This may sound a bit vain, but the main reason I've been keeping up with my exercise program is because I'm tired of constantly finding out that last season's clothes are too tight and that I need to go up a size. But another benefit that I really love is what I'm seeing on my meter. I don't ever remember being this stable. I'm using much less insulin than I used too. I'm starting to figure out just what to do in order to finish my exercise and like what I'm seeing on the meter. Usually . . .
Yesterday was a nice cool day with no humidity, which actually made it easy to get excited about the treadmill. I pushed myself a bit longer and a little harder to make up for some of the gnocchi indulgence from the night before. Then I hopped off and tested my blood, ready to bolus for breakfast. Until I saw the results . . .
WTF? When I looked at my CGM mid-workout, it read 136. That's right on track for me to end my workout in the 80s. I washed my hands and tested again, sure that the number would be better. 231. Then I remembered that during my workout I noticed my site was feeling a bit sore. Breakfast was not going to be an option any time soon. I pulled out my site and took a correction the old fashioned way - with a syringe. Then I took a quick shower and put a new site in. One hour later, I was at 184 and the pump told me I didn't need a further correction. (Although I took my correction with a syringe, after I disconnected from my pump I programmed the 2.5 unit bolus and let it run. This way, my injected insulin would be reflected in the pumps Insulin on Board).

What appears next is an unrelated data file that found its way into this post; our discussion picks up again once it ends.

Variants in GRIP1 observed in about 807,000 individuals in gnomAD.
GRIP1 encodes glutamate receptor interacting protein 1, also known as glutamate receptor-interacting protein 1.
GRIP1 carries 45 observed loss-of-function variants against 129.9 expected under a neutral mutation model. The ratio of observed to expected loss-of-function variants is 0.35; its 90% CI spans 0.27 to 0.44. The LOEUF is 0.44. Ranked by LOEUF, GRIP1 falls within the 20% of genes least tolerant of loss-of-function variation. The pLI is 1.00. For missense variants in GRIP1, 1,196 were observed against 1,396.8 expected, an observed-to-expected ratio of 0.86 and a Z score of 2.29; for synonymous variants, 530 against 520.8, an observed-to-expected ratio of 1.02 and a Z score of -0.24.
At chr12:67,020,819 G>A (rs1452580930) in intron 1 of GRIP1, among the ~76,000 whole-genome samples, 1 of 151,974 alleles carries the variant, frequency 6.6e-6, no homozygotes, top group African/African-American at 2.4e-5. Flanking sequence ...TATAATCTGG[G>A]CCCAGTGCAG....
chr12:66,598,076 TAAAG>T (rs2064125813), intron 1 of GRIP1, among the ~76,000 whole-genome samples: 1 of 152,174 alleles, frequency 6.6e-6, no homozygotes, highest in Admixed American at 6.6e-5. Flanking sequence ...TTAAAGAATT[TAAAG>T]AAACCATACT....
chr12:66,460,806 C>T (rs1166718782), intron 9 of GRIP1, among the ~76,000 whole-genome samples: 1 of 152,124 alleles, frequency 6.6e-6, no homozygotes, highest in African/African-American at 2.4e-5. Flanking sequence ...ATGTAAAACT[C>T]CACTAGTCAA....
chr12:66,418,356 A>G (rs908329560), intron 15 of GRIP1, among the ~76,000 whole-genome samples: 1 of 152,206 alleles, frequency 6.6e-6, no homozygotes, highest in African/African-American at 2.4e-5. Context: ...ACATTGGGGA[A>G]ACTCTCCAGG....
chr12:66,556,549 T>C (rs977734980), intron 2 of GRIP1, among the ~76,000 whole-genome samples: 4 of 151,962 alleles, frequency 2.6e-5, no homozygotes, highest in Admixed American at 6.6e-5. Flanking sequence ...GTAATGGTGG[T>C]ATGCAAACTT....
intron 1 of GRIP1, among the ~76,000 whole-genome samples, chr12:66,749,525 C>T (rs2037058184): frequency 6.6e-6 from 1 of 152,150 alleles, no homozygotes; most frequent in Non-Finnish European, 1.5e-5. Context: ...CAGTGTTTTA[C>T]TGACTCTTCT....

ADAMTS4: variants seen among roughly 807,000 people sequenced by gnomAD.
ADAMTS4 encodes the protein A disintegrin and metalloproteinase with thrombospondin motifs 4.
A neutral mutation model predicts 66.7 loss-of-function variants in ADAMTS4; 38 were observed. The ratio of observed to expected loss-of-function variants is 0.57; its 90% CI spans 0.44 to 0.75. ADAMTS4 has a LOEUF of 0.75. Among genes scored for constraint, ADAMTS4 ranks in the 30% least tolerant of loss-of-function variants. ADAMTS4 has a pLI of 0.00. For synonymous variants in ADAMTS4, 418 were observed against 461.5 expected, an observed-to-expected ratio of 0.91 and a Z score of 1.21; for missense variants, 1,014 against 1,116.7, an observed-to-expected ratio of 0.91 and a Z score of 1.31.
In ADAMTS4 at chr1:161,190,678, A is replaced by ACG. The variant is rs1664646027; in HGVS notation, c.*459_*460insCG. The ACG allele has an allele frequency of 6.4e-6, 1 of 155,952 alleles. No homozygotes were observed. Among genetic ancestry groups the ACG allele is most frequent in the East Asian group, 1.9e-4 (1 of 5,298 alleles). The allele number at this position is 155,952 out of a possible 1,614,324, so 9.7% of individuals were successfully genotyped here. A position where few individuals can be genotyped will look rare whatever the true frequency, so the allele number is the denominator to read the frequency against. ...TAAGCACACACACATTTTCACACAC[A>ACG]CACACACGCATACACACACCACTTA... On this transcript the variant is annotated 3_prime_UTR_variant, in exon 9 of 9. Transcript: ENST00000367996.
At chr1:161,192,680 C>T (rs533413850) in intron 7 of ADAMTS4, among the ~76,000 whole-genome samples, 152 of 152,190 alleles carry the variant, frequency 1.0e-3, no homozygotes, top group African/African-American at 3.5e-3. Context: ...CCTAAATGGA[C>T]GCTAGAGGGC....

Less than an hour went by and I tested again. 104. I had dropped 80 points in forty-five minutes. I bolused and ate breakfast, but I had a feeling I knew what was coming. In another hour, I found myself craving Swedish Fish. I was pretty sure I knew the reason. My body was telling me something. Sure enough, I tested and my blood sugar was now 50.
I spend the afternoon feeling tired, queasy and pretty darn crabby. I guess sometimes, no matter how hard you try, Diabetes just needs to show you who is the boss.